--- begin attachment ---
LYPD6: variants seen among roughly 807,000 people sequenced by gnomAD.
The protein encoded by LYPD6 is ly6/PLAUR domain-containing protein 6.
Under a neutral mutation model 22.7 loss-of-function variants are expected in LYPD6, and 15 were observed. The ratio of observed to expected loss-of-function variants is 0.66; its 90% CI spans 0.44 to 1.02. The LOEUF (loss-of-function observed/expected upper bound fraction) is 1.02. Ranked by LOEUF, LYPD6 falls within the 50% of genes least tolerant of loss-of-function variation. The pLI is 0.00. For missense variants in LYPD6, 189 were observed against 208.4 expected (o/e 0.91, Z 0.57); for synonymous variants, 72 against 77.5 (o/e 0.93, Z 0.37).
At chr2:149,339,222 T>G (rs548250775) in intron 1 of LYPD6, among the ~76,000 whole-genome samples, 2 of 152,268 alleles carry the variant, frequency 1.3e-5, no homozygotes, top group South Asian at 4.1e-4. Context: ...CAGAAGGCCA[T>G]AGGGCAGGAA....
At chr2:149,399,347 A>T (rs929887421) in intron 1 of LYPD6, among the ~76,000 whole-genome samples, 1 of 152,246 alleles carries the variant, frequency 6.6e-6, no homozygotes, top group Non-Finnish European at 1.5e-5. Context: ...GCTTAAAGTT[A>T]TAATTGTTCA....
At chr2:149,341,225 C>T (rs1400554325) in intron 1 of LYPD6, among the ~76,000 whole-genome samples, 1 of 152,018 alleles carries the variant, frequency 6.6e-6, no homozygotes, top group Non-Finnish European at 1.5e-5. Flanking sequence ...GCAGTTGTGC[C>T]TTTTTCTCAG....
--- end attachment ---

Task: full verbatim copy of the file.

LYPD6: variants seen among roughly 807,000 people sequenced by gnomAD.
The protein encoded by LYPD6 is ly6/PLAUR domain-containing protein 6.
Under a neutral mutation model 22.7 loss-of-function variants are expected in LYPD6, and 15 were observed. The ratio of observed to expected loss-of-function variants is 0.66; its 90% CI spans 0.44 to 1.02. The LOEUF (loss-of-function observed/expected upper bound fraction) is 1.02. Ranked by LOEUF, LYPD6 falls within the 50% of genes least tolerant of loss-of-function variation. The pLI is 0.00. For missense variants in LYPD6, 189 were observed against 208.4 expected (o/e 0.91, Z 0.57); for synonymous variants, 72 against 77.5 (o/e 0.93, Z 0.37).
At chr2:149,339,222 T>G (rs548250775) in intron 1 of LYPD6, among the ~76,000 whole-genome samples, 2 of 152,268 alleles carry the variant, frequency 1.3e-5, no homozygotes, top group South Asian at 4.1e-4. Context: ...CAGAAGGCCA[T>G]AGGGCAGGAA....
At chr2:149,399,347 A>T (rs929887421) in intron 1 of LYPD6, among the ~76,000 whole-genome samples, 1 of 152,246 alleles carries the variant, frequency 6.6e-6, no homozygotes, top group Non-Finnish European at 1.5e-5. Context: ...GCTTAAAGTT[A>T]TAATTGTTCA....
At chr2:149,341,225 C>T (rs1400554325) in intron 1 of LYPD6, among the ~76,000 whole-genome samples, 1 of 152,018 alleles carries the variant, frequency 6.6e-6, no homozygotes, top group Non-Finnish European at 1.5e-5. Flanking sequence ...GCAGTTGTGC[C>T]TTTTTCTCAG....